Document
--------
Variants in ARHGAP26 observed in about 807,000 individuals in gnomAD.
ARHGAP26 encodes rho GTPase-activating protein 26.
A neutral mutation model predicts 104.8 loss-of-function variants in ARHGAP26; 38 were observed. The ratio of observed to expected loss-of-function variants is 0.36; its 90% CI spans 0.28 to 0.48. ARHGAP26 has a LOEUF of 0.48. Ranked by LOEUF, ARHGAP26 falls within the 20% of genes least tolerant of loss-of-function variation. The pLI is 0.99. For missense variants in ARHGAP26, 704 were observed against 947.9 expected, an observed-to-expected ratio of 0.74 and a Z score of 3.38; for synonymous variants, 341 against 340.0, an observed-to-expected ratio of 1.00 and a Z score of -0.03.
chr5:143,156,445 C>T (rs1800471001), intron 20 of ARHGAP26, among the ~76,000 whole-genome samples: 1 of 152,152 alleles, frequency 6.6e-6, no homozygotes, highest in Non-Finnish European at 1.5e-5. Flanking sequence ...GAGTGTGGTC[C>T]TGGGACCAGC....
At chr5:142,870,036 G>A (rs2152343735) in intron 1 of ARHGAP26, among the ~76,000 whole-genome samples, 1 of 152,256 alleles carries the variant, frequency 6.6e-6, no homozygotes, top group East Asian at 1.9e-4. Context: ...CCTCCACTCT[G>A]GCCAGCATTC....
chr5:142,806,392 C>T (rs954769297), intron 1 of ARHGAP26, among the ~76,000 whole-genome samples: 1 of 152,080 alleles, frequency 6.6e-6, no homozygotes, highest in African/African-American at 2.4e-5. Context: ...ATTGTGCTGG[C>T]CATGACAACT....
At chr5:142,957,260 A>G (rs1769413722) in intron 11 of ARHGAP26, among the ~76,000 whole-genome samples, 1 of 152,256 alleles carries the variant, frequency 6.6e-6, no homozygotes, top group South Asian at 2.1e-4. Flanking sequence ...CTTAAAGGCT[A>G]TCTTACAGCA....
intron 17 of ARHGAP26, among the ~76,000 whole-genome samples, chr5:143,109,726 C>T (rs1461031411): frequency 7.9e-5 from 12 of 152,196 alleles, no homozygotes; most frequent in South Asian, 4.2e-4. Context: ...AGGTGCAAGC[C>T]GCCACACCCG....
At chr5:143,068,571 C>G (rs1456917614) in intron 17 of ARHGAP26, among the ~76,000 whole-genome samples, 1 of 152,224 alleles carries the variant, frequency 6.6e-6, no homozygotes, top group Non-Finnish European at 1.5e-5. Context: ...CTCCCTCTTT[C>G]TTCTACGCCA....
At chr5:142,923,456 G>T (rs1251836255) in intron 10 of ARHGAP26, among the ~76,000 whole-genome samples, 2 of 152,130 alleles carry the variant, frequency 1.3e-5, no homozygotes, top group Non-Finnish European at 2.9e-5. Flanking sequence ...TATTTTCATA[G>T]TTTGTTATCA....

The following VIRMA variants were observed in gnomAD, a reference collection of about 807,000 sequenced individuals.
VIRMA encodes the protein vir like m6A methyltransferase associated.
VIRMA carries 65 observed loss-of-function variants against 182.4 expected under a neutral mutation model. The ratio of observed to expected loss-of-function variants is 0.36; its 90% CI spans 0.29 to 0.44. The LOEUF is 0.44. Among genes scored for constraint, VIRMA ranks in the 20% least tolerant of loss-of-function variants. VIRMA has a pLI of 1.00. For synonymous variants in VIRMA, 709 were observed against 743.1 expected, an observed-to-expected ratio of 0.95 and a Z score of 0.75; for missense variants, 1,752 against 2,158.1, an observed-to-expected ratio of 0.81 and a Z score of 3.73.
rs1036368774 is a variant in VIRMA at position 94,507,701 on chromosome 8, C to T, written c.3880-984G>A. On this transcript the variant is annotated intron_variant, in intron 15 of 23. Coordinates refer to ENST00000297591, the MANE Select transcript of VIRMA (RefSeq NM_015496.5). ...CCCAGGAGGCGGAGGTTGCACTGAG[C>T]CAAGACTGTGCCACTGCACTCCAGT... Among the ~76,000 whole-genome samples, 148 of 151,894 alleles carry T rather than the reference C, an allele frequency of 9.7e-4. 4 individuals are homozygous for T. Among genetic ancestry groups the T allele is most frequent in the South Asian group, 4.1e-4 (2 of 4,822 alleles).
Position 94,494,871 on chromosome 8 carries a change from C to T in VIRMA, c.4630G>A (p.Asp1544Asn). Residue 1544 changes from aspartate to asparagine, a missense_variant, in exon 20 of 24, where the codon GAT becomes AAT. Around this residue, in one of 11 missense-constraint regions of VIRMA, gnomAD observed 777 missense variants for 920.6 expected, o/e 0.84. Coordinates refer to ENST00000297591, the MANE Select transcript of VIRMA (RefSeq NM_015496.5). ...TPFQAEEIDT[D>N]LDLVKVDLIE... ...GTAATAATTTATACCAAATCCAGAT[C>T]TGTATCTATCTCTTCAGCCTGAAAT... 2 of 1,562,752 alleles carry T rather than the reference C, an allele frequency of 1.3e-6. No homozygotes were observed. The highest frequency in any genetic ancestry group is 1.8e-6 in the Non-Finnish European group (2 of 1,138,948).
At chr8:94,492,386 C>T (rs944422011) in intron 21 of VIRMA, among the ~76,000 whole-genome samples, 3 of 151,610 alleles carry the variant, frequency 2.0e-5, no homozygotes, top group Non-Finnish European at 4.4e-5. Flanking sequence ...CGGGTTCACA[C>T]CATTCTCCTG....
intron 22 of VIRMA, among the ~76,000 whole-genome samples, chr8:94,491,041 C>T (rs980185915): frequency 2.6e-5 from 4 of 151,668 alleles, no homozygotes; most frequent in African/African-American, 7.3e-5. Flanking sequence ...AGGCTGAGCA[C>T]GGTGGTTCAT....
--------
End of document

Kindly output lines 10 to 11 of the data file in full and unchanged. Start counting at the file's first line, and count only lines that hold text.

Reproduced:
At chr5:142,923,456 G>T (rs1251836255) in intron 10 of ARHGAP26, among the ~76,000 whole-genome samples, 2 of 152,130 alleles carry the variant, frequency 1.3e-5, no homozygotes, top group Non-Finnish European at 2.9e-5. Flanking sequence ...TATTTTCATA[G>T]TTTGTTATCA....

The following VIRMA variants were observed in gnomAD, a reference collection of about 807,000 sequenced individuals.